An Phoblacht 2 - 2022 small

13 June 1997 Edition

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Remembering the Past: General amnesty 1917

In June 1917, just 14 months after the Easter Rising and with the political climate throughout Ireland dramatically changed, the last of the sentenced republican prisoners in jail in England arrived home to an enthusiastic reception.

During May 1916, following the end of the Rising, almost 2,000 republicans from all over Ireland, including five women, were deported to internment camps and jails in Wales and England.

In August, 1,136 internees in Frongoch Internment Camp in North Wales were released and the remaining 600 internees were freed the following December. However, over 100 sentenced political prisoners, including Countess Markievicz, remained in jails throughout England.

During the early months of 1917, the recently-released internees set about reorganising the Volunteers and Sinn Féin and began a major campaign for the unconditional release of all the sentenced political prisoners.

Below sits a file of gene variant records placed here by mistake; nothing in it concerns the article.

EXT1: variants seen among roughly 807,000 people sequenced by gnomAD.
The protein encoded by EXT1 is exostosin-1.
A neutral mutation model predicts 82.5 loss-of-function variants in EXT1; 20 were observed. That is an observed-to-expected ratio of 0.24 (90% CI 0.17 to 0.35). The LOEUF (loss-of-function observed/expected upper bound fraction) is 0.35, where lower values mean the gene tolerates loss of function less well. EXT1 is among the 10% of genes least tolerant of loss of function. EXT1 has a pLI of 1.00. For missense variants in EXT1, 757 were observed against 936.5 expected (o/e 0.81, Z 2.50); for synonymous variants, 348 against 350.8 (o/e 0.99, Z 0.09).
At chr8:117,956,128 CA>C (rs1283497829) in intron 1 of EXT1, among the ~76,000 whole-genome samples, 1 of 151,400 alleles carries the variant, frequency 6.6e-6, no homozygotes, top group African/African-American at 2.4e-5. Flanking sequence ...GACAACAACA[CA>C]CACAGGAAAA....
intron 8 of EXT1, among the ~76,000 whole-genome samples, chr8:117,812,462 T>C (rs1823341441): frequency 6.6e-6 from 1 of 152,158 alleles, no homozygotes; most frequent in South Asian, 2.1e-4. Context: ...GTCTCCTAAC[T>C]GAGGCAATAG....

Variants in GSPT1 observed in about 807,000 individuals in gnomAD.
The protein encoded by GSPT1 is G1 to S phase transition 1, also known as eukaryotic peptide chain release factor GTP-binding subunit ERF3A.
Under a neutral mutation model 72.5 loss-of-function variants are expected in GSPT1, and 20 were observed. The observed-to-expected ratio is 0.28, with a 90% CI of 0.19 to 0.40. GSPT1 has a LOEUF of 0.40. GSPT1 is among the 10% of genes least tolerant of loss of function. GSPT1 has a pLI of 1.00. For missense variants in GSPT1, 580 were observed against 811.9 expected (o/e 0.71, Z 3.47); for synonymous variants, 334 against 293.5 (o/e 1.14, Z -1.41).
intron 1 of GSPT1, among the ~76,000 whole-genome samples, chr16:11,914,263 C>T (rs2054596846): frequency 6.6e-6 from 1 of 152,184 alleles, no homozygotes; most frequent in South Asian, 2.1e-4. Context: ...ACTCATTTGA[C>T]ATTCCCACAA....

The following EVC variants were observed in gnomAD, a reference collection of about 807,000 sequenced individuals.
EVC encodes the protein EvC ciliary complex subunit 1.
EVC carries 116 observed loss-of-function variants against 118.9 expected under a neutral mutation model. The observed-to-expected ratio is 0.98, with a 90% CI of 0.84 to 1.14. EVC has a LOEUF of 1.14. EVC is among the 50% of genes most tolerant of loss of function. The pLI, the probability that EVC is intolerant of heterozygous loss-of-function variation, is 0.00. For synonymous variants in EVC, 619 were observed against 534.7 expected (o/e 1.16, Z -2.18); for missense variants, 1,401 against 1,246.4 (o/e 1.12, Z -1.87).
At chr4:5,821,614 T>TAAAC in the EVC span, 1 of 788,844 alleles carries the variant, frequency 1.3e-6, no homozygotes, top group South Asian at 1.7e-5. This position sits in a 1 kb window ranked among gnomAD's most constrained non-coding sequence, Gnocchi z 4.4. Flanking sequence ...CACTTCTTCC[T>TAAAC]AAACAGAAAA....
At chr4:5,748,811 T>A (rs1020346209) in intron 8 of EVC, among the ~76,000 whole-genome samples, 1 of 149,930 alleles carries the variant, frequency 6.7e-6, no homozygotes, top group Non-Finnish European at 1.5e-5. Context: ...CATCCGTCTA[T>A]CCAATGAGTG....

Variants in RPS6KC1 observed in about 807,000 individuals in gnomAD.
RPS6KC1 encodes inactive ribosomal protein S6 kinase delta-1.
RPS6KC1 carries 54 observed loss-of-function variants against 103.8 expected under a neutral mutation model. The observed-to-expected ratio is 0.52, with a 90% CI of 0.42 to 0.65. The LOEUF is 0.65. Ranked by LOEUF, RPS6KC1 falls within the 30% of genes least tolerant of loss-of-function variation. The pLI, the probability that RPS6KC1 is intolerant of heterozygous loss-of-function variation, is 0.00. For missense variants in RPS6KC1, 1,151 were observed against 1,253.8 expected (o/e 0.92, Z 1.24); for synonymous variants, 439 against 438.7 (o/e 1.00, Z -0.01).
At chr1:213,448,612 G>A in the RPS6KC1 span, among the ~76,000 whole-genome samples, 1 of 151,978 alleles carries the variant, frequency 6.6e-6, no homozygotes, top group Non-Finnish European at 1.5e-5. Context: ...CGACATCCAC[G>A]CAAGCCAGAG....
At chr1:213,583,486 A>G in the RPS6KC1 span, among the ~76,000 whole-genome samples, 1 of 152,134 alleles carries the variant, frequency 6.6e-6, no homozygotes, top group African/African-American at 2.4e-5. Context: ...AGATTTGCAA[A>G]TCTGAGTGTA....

Faced with mounting demands for the prisoners' release, and the fear of another prisoner being nominated for the forthcoming East Clare by-election following the election of Joe McGuinness as MP for South Longford the previous month, Lloyd George, the British prime minister, announced a general amnesty for all republican prisoners in English jails.

There was rejoicing all through the night before the arrival from England on the mail-boat from Holyhead of more than 100 political prisoners. Huge crowds gathered to greet them.

By the time the ex-prisoners arrived at Westland Row Station (now Pearse Station) from Dun Laoghaire, a milling, pressing crowd, stewarded by the Volunteers, was waiting for them.

Members of Dublin Corporation welcomed them on behalf of the people who, delirious with enthusiasm, carried the prisoners to cars to be driven in triumph through the streets. The events were repeated when Countess Markievicz, released from Aylesbury Prison, returned on the evening boat.

The people were looking for leadership and the duty of leadership now fell on the ex-prisoners. Within two years they would organise the people in a devastating guerrilla war against the British forces of occupation.

The last of the republican prisoners imprisoned in England since the Rising arrived in Ireland in June 1917, 80 years ago this month.

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